Freddie Wild: No, contextual data distorts signals that reflect the academic ability of students.
We, as a university, want the best students to come to Edinburgh. Academics want to teach the brightest students. Administrators like a set of engaged students with low drop-out rates. Students desire the elevated discourse that comes from being among intelligent peers, and the enhanced career prospects that go hand in hand with a university’s reputation. When focussing on admissions to any university, the only criterion must be the candidate’s ability.
It is when examining candidates from different income backgrounds that this simple objective stumbles. It is commonly accepted that the advantages that accrue through private education exceed, to a greater or lesser degree, those that come from being educated in the state sector. This creates bias in the admissions process, as it gives advantage to those from better backgrounds, something we rightly regard as distasteful. Policies such as the use of contextual data in deciding whom to accept into a course are designed to overcome this bias. However, despite noble intentions, such examples of positive discrimination invariably are little more than make-up blotchily applied, masking the problem but certainly not curing it.
The issue with those from better backgrounds having an educational advantage is that it distorts the signals that education is meant to provide. We take GCSEs and A-Levels not necessarily because this is the best way to learn about History, English or Maths, or because we enjoy trekking around the moor on Duke of Edinburgh, but rather because these qualifications act as informational signals to prospective employers and universities. When a person comes from a background that makes these signals easier to achieve, they undermine the amount of information that is carried, and so we end up with the problem of distorted admission rates.
Using contextual data as a crutch for correcting this issue fundamentally does not address the loss of information caused by distorted signals. Rather, it throws a blanket over the problem, recognising an imbalance and blindly trying to correct it. Contextual data and many other blind admissions tools further distort the application process as it marks a move away from the criterion of ability. This is detrimental to the student body and the University’s future, as well as scarring the labour pool for years to come.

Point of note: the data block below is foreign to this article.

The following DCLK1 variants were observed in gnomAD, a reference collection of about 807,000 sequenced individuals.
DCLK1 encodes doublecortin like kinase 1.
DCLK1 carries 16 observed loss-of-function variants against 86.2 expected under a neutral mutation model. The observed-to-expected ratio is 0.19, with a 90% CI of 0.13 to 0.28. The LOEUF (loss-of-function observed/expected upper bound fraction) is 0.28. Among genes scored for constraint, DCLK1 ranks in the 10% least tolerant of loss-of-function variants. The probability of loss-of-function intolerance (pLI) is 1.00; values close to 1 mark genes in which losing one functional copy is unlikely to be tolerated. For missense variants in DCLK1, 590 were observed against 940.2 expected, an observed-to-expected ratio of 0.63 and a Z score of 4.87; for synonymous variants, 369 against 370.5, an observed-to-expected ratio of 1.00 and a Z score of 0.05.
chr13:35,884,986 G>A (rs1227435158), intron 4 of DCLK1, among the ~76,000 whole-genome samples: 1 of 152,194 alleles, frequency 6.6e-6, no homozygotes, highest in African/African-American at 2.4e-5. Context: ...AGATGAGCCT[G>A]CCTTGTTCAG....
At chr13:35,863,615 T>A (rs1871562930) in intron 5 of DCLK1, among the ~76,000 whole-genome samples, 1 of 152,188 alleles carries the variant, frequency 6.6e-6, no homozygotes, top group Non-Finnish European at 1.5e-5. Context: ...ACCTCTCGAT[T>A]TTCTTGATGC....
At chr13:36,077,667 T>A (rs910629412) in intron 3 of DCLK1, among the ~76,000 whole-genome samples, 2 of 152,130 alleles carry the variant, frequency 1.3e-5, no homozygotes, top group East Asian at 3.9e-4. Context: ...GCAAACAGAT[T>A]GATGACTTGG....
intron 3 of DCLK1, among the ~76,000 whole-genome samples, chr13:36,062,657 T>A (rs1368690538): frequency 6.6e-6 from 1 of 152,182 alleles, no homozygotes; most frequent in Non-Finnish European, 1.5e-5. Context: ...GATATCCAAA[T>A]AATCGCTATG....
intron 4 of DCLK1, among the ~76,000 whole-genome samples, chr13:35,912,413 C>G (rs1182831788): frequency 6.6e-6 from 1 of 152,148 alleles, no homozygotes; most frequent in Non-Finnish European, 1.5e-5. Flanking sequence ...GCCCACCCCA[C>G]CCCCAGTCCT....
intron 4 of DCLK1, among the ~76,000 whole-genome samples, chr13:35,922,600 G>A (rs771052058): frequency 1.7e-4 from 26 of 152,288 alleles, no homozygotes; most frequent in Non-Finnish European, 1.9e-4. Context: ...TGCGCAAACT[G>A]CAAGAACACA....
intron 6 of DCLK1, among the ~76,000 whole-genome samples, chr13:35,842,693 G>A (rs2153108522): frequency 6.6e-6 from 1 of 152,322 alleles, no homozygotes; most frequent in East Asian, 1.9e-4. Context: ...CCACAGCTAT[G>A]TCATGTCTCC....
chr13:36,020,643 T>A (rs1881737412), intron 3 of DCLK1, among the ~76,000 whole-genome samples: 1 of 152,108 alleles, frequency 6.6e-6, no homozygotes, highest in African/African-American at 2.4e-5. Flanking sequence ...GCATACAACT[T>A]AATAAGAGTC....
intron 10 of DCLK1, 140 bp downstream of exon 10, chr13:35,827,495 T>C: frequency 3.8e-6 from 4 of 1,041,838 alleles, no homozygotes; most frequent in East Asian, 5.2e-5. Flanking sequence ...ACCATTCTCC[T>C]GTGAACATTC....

Rather, efforts should be made to improve the quality of the existing signals and to add new ones. The first step must be to introduce an interview process for the most competitive courses. Educational advantages play out far better on paper than they do face-to-face, and gentle yet deep probing of ideas will yield a far greater indication of a potential student’s prospects than a four thousand character personal statement.
The second step must be to improve access programmes and grants. These aim to demystify and broaden the university experience, providing information on the application process, university life, and what funding schemes are available. Access programmes are very common in the US, especially among top-rank colleges. These tend to be paid for by successful alumni who participate in scholarship endowment schemes, and there is no reason why this model should not be replicable in the UK.
We will always want the very best to come to this University, so that we may learn and talk and argue and study with some of the most intelligent, engaged, dedicated people we will ever meet. This should be regardless of the background they come from. However, we lessen our ability to achieve this using contextual data as a means to enforce positive discrimination. The change must come from the way we assess a candidate’s ability and increasing the University’s access programmes.